In a deserted and desert post-nuclear world, society has been reduced to roving gangs fighting for control of resources: water, fuel, bullets, and women. Imperator Furiosa (CharlizeTheron) leads a group of escaped wives from the enslavement of crime lord Immortan Joe. On the run, Furiosa teams up with road warrior Max Rockatansky (Tom Hardy) to fight off Immortan Joe’s army, sent to reclaim the overlord’s brides.
One of the first films to maximize the emotional power of the close-up shot was The Passion of Joan of Arc, a silent film from Danish director Carl Theodor Dreyer. Considered by many to be a landmark film in cinematic history, the movie famously concludes with Joan of Arc’s execution by fire. The film’s last reel is hundreds of feet of film with nothing but close-ups of faces watching the execution interspersed with Joan’s face in overwhelming pain.
In the summer of 2015, Charlize Theron, as Imperator Furiosa in Mad Max: Fury Road, delivered a performance reminiscent to that of Joan of Arc, which wordlessly communicated similar levels of suffering. Mad Max: Fury Road is just about everything that The Passion of Joan of Arc is not. Fury Road is a loud, propulsive, colorful, and manic chase sequence that fills up the entirety of the film. But what Fury Road does have in common with The Joan of Arc is something film critic Béla Balázs described as the silent soliloquy in his 1948 book Theory of the Film (Character and Growth of a New Art).
Balázs wrote at length about the artistic characteristics of film that separated it from literature or theater. Back then, film was only a few decades old and the language of film was still being discovered and refined. Ultimately, it was the close-up that Balázs identified as the singular artistic figure possible only in film. According to Balázs, modern audiences had little patience for spoken monologues, as they were unnatural. Balázs described how close-ups in film provided a “silent soliloquy, in which a face can speak with the subtlest shades of meaning without appearing unnatural and arousing the distance of the spectators. In this silent monologue, the solitary human soul can find a tongue more candid and uninhibited that any spoken soliloquy, for it speaks instinctively, subconsciously” (Balázs 62–63).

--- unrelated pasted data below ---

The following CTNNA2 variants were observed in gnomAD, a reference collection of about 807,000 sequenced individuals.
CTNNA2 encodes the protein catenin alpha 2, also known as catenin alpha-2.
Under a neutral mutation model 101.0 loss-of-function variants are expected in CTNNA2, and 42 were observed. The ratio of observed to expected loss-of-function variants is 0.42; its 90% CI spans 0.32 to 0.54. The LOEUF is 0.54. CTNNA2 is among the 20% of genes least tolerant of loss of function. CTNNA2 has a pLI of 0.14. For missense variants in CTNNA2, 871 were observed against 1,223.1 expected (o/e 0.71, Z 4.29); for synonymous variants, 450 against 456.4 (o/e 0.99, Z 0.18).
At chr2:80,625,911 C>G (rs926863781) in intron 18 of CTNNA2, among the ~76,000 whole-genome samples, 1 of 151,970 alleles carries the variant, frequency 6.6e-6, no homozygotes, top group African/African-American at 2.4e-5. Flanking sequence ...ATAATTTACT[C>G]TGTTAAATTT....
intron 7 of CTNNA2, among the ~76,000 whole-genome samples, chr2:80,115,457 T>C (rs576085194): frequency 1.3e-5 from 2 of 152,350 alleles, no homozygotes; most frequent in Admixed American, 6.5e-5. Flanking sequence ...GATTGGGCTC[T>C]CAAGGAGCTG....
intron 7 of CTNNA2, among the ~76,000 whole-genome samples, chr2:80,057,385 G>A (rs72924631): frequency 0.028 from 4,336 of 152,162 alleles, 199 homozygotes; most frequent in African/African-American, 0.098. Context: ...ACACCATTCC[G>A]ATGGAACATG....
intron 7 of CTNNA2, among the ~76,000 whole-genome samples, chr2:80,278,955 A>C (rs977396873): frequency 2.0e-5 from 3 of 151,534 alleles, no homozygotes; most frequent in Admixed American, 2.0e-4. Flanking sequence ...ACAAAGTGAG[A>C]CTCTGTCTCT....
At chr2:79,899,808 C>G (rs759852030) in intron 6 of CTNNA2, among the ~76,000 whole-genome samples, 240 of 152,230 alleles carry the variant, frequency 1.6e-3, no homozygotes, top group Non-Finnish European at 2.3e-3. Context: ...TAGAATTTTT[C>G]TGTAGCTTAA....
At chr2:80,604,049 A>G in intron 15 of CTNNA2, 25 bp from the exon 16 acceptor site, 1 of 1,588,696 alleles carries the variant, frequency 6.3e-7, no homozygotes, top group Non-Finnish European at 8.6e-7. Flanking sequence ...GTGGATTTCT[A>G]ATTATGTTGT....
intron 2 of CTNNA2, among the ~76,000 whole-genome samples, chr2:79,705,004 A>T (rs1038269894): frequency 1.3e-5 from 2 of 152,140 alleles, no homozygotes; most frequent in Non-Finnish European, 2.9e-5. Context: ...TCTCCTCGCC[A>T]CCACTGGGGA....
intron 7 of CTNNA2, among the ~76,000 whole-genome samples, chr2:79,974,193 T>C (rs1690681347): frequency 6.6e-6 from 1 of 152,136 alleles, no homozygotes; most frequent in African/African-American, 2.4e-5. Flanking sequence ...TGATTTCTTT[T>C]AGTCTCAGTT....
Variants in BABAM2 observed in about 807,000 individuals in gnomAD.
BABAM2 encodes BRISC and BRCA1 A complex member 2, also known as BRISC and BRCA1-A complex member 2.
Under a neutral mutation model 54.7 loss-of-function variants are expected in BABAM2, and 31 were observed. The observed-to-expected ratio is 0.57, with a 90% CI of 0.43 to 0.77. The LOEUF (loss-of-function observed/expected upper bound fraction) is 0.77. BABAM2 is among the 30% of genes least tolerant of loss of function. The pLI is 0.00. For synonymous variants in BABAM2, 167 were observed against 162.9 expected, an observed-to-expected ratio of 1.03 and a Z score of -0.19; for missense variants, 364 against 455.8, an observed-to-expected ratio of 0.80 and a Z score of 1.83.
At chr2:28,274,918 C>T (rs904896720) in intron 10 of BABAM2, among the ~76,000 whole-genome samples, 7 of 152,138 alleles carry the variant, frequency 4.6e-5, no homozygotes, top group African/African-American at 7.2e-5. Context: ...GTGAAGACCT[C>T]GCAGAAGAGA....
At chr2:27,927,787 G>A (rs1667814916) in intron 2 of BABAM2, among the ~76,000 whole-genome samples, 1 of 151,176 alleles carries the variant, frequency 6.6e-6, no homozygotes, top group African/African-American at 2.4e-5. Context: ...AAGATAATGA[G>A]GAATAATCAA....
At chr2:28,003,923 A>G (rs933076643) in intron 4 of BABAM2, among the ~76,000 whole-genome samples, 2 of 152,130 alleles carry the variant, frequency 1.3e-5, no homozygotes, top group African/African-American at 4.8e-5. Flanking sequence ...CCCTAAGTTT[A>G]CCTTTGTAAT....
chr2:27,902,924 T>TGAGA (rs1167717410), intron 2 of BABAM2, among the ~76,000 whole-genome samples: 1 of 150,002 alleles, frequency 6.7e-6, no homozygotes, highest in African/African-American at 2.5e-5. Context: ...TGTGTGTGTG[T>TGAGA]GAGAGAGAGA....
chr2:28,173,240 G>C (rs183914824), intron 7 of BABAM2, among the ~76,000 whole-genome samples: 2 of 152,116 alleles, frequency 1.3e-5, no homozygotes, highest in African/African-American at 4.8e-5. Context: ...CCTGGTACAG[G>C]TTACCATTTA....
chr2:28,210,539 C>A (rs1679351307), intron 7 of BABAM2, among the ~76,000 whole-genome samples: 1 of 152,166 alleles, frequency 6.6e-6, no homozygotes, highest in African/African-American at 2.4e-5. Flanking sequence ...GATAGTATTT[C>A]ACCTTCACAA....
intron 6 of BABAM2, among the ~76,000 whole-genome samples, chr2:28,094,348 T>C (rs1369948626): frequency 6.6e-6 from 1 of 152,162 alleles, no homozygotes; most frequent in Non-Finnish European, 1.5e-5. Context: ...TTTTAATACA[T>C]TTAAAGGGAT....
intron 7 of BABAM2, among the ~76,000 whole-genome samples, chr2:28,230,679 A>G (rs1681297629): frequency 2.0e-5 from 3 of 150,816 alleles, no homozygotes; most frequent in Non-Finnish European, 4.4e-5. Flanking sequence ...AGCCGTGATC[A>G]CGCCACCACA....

Midway through the film, Furiosa teams up with Max just minutes after they were fighting to kill each other. We don’t hear the characters discuss the terms of their truce or explain their new-found respect; but instead, we see them wordlessly work together, handing off an array of firearms to each other, fighting off cronies, and communicating their mutual trust with glances. Later in the film during the the climactic action sequence, the camera fixates again and again on the face of Imperator Furiosa. Sensing the slipping odds of success and bearing the pain of a metal dagger stuck deep in her side, we see the human soul of Furiosa in these close-ups. These silent monologues juxtaposed with the fiery action and thumping musical score connect the most post-modern of films back to the origins of cinema.
Mad Max: Fury Road was a surprise success both commercially and critically. The film was a sequel to a franchise that hadn’t seen any action since 1985. Director George Miller was second guessed after his numerous attempts to get the production off the ground (from as early as 1997) came up short before financing and casting finally fell into place in 2013. In a time when Hollywood is continuously under fire for unimaginative blockbusters and unnecessary sequels, there was no reason to believe Fury Road would be anything special. When audiences finally saw the finished film, they found a unified cinematic achievement featuring some of the year’s best action, stunt work, special effects, design, and acting.
It’s easy to overlook the subtle facial performances in an unsubtle movie. Throughout the film Charlize Theron delivers a performance that empathetically elevates Furiosa to the same emotional levels achieved by Renée Jeanne Falconetti in The Passion of Joan of Arc. With matching haircuts, Joan and Furiosa are strong warriors leading their respective fights for righteousness. While they meet different ends, we see close up how both women pay a heavy price for their causes. The directors and actors who brought these characters to life through close shots and facial performances did so in a way that “not only widened our vision of life, [but] has also deepened it” (Balázs 55).
by Preston Wittwer
Balázs, Béla. Theory of the Film (Character and Growth of a New Art). London: Dennis Dobson, n.d. Print.